Rooftop Gardens

Rooftop gardens or a green roof can turn an ugly, sterile space into something truly special. As space gets tighter in our cities and inner suburbs, landscapers are looking outside the backyard box for places to plant out, but the benefits of rooftop gardens go well beyond the prettiness of plants.

The future is green with rooftop gardens

Rooftop gardens are a growing trend, especially overseas, where innovative green spaces – both vertical and horizontal – are almost ubiquitous and even, in some areas, a legal requirement for new developments. On a smaller scale, residential architects are seeing the virtues of going green, using rooftop planting to soften hard edges, whether it’s foliage draped becomingly over the edge of the building or completely covering a garage or other secondary structure to improve the view from above.

A rooftop garden in Sydney

Benefits of a green roof

Where planning permission can be achieved, a residential rooftop garden can expand the opportunities for outdoor living – no small advantage in the space-strapped inner suburbs. The benefits for commercial properties are even greater, providing staff with a serene escape to release stress, ultimately improving their mental health, physical health and productivity.

Even where the rooftop garden is nothing more than a planting opportunity, the benefits are countless. More greenery will have a positive impact on air quality and the greater environment – every little bit counts. Rooftop plantings utilise rainwater, which would otherwise wash straight down the drain; they’re insulating, reducing the need for air-conditioning; they’re noise absorbing; and even wildlife attracting!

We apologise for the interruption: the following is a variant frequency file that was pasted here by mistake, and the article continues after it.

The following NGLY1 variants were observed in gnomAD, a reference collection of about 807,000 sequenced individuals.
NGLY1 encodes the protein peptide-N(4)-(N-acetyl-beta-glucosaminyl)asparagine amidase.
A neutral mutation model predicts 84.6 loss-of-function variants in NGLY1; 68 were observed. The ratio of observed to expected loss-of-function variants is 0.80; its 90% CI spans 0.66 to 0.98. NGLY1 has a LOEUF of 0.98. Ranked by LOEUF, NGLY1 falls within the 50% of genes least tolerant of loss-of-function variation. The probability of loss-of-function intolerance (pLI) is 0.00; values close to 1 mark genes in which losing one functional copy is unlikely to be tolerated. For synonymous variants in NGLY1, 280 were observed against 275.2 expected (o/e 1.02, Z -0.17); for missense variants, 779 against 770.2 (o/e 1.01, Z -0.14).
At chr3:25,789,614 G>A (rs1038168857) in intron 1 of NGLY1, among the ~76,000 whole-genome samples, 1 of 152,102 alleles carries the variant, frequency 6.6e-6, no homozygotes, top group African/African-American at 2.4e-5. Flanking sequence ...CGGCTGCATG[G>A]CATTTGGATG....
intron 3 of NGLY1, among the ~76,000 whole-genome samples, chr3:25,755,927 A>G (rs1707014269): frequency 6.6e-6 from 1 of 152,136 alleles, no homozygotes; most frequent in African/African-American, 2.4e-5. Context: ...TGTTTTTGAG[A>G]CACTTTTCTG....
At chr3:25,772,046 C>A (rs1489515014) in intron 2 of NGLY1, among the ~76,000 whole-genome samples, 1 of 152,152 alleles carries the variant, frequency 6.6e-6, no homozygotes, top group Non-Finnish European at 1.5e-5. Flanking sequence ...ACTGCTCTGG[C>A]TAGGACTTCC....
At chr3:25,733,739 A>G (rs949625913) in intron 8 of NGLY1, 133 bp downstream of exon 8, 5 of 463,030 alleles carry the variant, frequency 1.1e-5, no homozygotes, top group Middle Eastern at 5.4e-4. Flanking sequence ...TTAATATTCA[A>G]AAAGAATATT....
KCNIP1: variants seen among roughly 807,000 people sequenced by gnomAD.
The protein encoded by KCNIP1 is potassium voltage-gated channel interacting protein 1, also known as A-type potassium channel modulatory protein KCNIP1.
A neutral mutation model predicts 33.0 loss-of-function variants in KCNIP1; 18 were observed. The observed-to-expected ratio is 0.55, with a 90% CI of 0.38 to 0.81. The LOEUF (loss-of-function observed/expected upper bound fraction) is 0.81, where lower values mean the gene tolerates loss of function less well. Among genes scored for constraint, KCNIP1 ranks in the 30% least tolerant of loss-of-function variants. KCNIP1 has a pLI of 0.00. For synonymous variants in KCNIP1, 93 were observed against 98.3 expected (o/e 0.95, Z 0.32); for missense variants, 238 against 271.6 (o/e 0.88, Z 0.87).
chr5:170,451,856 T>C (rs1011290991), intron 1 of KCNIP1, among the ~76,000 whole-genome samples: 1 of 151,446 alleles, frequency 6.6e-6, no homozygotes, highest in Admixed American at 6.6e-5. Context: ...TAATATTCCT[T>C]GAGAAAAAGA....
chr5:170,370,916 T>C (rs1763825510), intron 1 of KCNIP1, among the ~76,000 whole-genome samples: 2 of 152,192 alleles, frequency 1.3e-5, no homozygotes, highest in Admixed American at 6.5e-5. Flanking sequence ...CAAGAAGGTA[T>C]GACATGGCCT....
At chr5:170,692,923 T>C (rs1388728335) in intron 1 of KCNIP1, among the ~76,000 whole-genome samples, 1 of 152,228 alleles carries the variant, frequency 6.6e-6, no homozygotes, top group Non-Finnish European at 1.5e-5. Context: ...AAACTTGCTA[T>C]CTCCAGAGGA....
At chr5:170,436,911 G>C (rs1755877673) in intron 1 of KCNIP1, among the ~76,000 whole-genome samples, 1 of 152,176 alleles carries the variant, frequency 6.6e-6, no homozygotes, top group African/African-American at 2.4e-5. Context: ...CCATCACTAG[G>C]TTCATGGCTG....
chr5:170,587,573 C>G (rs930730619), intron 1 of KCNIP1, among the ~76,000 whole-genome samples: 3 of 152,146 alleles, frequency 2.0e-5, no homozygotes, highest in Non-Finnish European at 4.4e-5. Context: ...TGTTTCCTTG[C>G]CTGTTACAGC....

What to plant

If the building will support a full-scale garden – one you can sit in – the aim will be to, first, create a feeling of seclusion, and secondly, to provide protection from the brutal Aussie sun. How this is achieved varies site by site and will depend on what the structure (and the budget) can support.

The choice of plants on this rooftop garden will be dependent on soil depth, calculated on the weight the roof structure can support, and on climate conditions – even if the roof is irrigated, plants will need to be able to bear the driest conditions, caused by blasting winds and scorching sun. To turn this harsh environment into a thing of beauty, we particularly love to use ornamental grasses, which can grow well in tough conditions and shallow soil, and will cover the space in a sea of stems that will ripple becomingly in the breeze.


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